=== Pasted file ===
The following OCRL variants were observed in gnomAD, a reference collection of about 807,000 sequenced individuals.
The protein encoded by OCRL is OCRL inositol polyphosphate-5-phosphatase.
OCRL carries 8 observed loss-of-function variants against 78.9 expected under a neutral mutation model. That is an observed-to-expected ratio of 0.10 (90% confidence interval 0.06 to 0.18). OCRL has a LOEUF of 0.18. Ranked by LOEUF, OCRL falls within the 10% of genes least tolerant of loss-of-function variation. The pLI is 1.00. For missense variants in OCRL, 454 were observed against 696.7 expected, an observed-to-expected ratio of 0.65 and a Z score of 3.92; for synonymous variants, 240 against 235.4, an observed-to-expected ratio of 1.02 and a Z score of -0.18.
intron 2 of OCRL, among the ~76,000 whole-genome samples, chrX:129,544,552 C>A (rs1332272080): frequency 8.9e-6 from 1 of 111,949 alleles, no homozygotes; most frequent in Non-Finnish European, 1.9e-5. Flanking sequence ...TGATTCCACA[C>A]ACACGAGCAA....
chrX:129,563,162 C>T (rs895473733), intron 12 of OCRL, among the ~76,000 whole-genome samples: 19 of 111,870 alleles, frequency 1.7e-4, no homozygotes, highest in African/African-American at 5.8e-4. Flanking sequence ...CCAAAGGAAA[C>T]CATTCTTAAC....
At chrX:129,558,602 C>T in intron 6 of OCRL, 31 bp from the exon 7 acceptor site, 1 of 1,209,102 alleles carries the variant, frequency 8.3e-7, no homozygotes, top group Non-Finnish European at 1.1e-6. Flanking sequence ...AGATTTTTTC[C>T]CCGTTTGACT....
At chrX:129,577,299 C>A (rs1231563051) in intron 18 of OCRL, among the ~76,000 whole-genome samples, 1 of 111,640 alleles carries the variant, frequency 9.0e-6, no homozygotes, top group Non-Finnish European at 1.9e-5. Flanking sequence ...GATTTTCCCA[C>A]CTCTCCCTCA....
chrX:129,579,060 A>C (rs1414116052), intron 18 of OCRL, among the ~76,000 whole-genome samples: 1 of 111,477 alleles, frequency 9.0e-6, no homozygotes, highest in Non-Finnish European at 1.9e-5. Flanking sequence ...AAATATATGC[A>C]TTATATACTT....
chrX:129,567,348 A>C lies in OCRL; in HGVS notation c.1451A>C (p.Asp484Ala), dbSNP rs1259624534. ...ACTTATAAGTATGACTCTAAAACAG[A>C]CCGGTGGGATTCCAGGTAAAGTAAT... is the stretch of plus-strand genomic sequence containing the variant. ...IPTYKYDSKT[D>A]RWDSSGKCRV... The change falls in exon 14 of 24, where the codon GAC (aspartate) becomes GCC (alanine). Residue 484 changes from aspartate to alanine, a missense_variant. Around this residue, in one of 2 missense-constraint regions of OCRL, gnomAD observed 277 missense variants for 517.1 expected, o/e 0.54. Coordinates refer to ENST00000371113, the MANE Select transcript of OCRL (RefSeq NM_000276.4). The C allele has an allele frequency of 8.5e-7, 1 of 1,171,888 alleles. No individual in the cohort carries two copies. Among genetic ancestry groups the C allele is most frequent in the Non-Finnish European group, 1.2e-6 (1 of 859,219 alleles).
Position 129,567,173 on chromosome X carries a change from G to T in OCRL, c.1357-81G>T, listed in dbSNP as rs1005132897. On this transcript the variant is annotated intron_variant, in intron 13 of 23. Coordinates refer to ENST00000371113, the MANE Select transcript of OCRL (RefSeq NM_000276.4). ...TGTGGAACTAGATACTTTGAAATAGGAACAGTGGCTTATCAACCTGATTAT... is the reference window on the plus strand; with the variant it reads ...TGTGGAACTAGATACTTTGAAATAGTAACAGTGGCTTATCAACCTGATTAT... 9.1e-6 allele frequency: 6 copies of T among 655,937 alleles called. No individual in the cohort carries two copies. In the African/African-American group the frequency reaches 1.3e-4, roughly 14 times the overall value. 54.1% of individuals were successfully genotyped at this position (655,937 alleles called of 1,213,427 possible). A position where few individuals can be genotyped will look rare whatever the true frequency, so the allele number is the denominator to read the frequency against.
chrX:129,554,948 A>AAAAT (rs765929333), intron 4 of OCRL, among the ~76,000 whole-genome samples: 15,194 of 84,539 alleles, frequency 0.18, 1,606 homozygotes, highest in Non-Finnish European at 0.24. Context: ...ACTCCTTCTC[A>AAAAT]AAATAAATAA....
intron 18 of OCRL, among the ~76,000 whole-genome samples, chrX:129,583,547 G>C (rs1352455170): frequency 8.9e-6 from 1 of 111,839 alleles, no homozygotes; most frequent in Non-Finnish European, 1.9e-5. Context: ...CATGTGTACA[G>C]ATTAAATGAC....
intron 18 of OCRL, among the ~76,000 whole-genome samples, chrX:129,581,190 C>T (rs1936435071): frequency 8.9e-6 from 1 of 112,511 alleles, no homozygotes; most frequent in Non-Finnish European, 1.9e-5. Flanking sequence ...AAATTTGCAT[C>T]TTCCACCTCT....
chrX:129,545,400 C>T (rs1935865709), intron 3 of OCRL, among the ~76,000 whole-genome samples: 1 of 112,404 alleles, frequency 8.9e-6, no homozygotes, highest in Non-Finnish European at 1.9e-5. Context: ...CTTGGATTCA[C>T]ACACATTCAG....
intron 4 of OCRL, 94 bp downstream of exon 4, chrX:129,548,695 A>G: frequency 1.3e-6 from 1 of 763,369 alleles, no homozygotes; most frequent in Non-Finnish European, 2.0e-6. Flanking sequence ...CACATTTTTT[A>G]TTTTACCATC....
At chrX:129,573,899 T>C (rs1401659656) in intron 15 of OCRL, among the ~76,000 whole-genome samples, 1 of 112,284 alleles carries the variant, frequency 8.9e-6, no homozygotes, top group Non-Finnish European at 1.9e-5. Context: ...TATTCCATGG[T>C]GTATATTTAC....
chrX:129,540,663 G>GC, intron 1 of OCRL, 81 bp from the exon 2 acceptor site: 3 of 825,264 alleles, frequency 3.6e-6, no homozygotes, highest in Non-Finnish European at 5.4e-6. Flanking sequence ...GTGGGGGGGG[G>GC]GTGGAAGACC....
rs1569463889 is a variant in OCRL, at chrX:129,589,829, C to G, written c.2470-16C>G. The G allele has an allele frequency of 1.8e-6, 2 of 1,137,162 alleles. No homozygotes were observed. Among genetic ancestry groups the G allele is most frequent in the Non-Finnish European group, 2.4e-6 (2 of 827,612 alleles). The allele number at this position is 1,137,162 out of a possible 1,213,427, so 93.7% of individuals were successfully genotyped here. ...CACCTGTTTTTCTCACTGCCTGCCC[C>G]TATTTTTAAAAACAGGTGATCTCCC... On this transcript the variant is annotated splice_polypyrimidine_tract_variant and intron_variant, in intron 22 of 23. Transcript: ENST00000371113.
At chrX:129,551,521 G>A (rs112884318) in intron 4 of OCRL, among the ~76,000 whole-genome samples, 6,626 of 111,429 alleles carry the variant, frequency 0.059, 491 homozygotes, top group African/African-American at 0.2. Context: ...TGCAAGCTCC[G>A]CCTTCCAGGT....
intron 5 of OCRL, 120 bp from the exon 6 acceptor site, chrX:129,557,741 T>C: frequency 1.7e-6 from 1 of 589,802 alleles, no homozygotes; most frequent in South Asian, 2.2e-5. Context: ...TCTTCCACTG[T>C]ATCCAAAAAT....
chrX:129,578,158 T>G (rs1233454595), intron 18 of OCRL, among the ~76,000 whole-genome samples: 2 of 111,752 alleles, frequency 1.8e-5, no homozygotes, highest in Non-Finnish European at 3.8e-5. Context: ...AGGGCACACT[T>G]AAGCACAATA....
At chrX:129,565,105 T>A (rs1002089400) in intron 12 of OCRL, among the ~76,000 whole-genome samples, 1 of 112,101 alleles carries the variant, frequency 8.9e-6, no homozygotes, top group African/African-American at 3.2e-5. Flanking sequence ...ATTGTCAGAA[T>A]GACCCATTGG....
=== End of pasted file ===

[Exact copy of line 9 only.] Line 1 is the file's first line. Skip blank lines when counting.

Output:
chrX:129,567,348 A>C lies in OCRL; in HGVS notation c.1451A>C (p.Asp484Ala), dbSNP rs1259624534. ...ACTTATAAGTATGACTCTAAAACAG[A>C]CCGGTGGGATTCCAGGTAAAGTAAT... is the stretch of plus-strand genomic sequence containing the variant. ...IPTYKYDSKT[D>A]RWDSSGKCRV... The change falls in exon 14 of 24, where the codon GAC (aspartate) becomes GCC (alanine). Residue 484 changes from aspartate to alanine, a missense_variant. Around this residue, in one of 2 missense-constraint regions of OCRL, gnomAD observed 277 missense variants for 517.1 expected, o/e 0.54. Coordinates refer to ENST00000371113, the MANE Select transcript of OCRL (RefSeq NM_000276.4). The C allele has an allele frequency of 8.5e-7, 1 of 1,171,888 alleles. No individual in the cohort carries two copies. Among genetic ancestry groups the C allele is most frequent in the Non-Finnish European group, 1.2e-6 (1 of 859,219 alleles).